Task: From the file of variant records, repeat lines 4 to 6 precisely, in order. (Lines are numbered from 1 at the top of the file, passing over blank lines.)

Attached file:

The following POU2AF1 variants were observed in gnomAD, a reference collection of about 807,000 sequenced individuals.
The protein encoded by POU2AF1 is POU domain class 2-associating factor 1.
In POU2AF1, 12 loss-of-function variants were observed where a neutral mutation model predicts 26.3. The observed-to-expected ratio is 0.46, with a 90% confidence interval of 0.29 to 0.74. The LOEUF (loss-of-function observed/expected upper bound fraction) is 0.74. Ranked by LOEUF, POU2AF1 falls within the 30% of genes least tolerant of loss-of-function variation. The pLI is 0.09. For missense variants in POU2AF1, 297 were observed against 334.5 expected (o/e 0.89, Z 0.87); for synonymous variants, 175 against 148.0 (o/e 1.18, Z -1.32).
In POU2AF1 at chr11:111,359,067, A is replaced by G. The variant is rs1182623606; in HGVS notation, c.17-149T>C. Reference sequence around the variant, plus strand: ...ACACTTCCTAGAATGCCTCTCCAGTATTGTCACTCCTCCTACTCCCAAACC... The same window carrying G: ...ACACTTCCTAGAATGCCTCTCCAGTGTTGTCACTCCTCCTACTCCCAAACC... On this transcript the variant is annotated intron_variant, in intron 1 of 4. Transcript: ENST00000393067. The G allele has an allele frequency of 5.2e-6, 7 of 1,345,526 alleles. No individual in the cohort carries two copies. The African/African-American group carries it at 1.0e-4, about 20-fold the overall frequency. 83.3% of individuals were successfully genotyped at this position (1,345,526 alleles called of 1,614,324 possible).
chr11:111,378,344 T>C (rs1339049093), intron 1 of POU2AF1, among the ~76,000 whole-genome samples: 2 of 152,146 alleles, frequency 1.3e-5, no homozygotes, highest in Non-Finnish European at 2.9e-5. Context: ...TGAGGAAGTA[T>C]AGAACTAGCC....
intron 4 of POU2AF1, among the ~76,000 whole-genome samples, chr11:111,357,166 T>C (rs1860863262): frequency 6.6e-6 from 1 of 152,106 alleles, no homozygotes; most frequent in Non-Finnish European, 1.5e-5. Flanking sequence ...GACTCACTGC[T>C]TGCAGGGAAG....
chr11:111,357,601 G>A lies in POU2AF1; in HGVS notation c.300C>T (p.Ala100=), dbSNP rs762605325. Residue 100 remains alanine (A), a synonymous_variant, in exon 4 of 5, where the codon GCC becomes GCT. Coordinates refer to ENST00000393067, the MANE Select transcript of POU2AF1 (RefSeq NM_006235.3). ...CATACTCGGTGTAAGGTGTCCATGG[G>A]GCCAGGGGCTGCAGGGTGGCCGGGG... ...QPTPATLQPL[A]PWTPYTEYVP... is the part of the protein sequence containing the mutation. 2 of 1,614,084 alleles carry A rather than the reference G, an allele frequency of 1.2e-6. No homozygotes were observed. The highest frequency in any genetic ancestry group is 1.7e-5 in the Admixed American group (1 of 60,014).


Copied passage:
In POU2AF1 at chr11:111,359,067, A is replaced by G. The variant is rs1182623606; in HGVS notation, c.17-149T>C. Reference sequence around the variant, plus strand: ...ACACTTCCTAGAATGCCTCTCCAGTATTGTCACTCCTCCTACTCCCAAACC... The same window carrying G: ...ACACTTCCTAGAATGCCTCTCCAGTGTTGTCACTCCTCCTACTCCCAAACC... On this transcript the variant is annotated intron_variant, in intron 1 of 4. Transcript: ENST00000393067. The G allele has an allele frequency of 5.2e-6, 7 of 1,345,526 alleles. No individual in the cohort carries two copies. The African/African-American group carries it at 1.0e-4, about 20-fold the overall frequency. 83.3% of individuals were successfully genotyped at this position (1,345,526 alleles called of 1,614,324 possible).
chr11:111,378,344 T>C (rs1339049093), intron 1 of POU2AF1, among the ~76,000 whole-genome samples: 2 of 152,146 alleles, frequency 1.3e-5, no homozygotes, highest in Non-Finnish European at 2.9e-5. Context: ...TGAGGAAGTA[T>C]AGAACTAGCC....
intron 4 of POU2AF1, among the ~76,000 whole-genome samples, chr11:111,357,166 T>C (rs1860863262): frequency 6.6e-6 from 1 of 152,106 alleles, no homozygotes; most frequent in Non-Finnish European, 1.5e-5. Flanking sequence ...GACTCACTGC[T>C]TGCAGGGAAG....